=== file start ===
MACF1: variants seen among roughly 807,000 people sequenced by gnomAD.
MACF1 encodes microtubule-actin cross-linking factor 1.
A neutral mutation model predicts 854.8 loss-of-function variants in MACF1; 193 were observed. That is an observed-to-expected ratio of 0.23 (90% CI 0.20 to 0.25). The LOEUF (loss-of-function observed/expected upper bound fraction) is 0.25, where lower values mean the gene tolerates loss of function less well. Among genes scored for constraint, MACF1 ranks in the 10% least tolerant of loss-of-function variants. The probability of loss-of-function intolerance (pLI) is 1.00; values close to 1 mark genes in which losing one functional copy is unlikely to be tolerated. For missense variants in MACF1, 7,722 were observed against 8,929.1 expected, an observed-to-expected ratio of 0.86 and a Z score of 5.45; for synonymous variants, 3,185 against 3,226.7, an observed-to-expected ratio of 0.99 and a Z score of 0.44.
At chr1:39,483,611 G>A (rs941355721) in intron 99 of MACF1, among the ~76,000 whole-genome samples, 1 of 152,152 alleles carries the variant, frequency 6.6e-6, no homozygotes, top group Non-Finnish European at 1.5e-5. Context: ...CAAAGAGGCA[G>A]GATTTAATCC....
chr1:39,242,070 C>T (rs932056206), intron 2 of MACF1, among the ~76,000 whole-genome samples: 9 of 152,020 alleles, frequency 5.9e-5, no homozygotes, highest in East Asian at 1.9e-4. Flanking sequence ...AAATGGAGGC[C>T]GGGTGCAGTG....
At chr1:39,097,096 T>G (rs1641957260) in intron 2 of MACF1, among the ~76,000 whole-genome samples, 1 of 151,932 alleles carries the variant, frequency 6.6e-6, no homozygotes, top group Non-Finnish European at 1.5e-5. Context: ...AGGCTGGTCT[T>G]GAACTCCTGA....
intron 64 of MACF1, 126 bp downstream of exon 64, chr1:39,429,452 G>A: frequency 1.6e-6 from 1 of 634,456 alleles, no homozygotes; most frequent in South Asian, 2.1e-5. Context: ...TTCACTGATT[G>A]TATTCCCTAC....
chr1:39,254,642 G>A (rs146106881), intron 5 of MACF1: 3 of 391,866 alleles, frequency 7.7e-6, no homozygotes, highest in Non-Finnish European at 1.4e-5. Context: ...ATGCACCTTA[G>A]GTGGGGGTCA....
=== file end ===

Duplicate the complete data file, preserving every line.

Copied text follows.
MACF1: variants seen among roughly 807,000 people sequenced by gnomAD.
MACF1 encodes microtubule-actin cross-linking factor 1.
A neutral mutation model predicts 854.8 loss-of-function variants in MACF1; 193 were observed. That is an observed-to-expected ratio of 0.23 (90% CI 0.20 to 0.25). The LOEUF (loss-of-function observed/expected upper bound fraction) is 0.25, where lower values mean the gene tolerates loss of function less well. Among genes scored for constraint, MACF1 ranks in the 10% least tolerant of loss-of-function variants. The probability of loss-of-function intolerance (pLI) is 1.00; values close to 1 mark genes in which losing one functional copy is unlikely to be tolerated. For missense variants in MACF1, 7,722 were observed against 8,929.1 expected, an observed-to-expected ratio of 0.86 and a Z score of 5.45; for synonymous variants, 3,185 against 3,226.7, an observed-to-expected ratio of 0.99 and a Z score of 0.44.
At chr1:39,483,611 G>A (rs941355721) in intron 99 of MACF1, among the ~76,000 whole-genome samples, 1 of 152,152 alleles carries the variant, frequency 6.6e-6, no homozygotes, top group Non-Finnish European at 1.5e-5. Context: ...CAAAGAGGCA[G>A]GATTTAATCC....
chr1:39,242,070 C>T (rs932056206), intron 2 of MACF1, among the ~76,000 whole-genome samples: 9 of 152,020 alleles, frequency 5.9e-5, no homozygotes, highest in East Asian at 1.9e-4. Flanking sequence ...AAATGGAGGC[C>T]GGGTGCAGTG....
At chr1:39,097,096 T>G (rs1641957260) in intron 2 of MACF1, among the ~76,000 whole-genome samples, 1 of 151,932 alleles carries the variant, frequency 6.6e-6, no homozygotes, top group Non-Finnish European at 1.5e-5. Context: ...AGGCTGGTCT[T>G]GAACTCCTGA....
intron 64 of MACF1, 126 bp downstream of exon 64, chr1:39,429,452 G>A: frequency 1.6e-6 from 1 of 634,456 alleles, no homozygotes; most frequent in South Asian, 2.1e-5. Context: ...TTCACTGATT[G>A]TATTCCCTAC....
chr1:39,254,642 G>A (rs146106881), intron 5 of MACF1: 3 of 391,866 alleles, frequency 7.7e-6, no homozygotes, highest in Non-Finnish European at 1.4e-5. Context: ...ATGCACCTTA[G>A]GTGGGGGTCA....